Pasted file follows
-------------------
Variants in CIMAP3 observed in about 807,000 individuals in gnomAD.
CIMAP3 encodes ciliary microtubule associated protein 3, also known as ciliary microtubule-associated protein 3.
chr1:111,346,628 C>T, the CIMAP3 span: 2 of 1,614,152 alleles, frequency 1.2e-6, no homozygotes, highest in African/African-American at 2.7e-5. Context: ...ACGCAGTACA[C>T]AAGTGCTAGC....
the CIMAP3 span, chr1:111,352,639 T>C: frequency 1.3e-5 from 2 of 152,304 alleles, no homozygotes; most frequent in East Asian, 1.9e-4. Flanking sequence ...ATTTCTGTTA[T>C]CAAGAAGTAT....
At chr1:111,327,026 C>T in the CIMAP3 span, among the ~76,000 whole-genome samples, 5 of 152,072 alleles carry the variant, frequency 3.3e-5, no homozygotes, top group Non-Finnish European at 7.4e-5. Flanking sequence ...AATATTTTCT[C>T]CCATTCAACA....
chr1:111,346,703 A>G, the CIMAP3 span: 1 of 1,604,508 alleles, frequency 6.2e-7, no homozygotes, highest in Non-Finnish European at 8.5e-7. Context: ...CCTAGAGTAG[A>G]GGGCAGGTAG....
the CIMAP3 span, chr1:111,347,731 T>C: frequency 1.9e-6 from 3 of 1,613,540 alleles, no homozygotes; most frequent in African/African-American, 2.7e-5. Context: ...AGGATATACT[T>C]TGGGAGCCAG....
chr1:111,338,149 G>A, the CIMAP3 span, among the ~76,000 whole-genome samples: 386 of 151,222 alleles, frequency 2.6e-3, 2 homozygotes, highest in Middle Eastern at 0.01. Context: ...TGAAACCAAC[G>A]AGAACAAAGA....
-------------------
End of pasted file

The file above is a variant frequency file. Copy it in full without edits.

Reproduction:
Variants in CIMAP3 observed in about 807,000 individuals in gnomAD.
CIMAP3 encodes ciliary microtubule associated protein 3, also known as ciliary microtubule-associated protein 3.
chr1:111,346,628 C>T, the CIMAP3 span: 2 of 1,614,152 alleles, frequency 1.2e-6, no homozygotes, highest in African/African-American at 2.7e-5. Context: ...ACGCAGTACA[C>T]AAGTGCTAGC....
the CIMAP3 span, chr1:111,352,639 T>C: frequency 1.3e-5 from 2 of 152,304 alleles, no homozygotes; most frequent in East Asian, 1.9e-4. Flanking sequence ...ATTTCTGTTA[T>C]CAAGAAGTAT....
At chr1:111,327,026 C>T in the CIMAP3 span, among the ~76,000 whole-genome samples, 5 of 152,072 alleles carry the variant, frequency 3.3e-5, no homozygotes, top group Non-Finnish European at 7.4e-5. Flanking sequence ...AATATTTTCT[C>T]CCATTCAACA....
chr1:111,346,703 A>G, the CIMAP3 span: 1 of 1,604,508 alleles, frequency 6.2e-7, no homozygotes, highest in Non-Finnish European at 8.5e-7. Context: ...CCTAGAGTAG[A>G]GGGCAGGTAG....
the CIMAP3 span, chr1:111,347,731 T>C: frequency 1.9e-6 from 3 of 1,613,540 alleles, no homozygotes; most frequent in African/African-American, 2.7e-5. Context: ...AGGATATACT[T>C]TGGGAGCCAG....
chr1:111,338,149 G>A, the CIMAP3 span, among the ~76,000 whole-genome samples: 386 of 151,222 alleles, frequency 2.6e-3, 2 homozygotes, highest in Middle Eastern at 0.01. Context: ...TGAAACCAAC[G>A]AGAACAAAGA....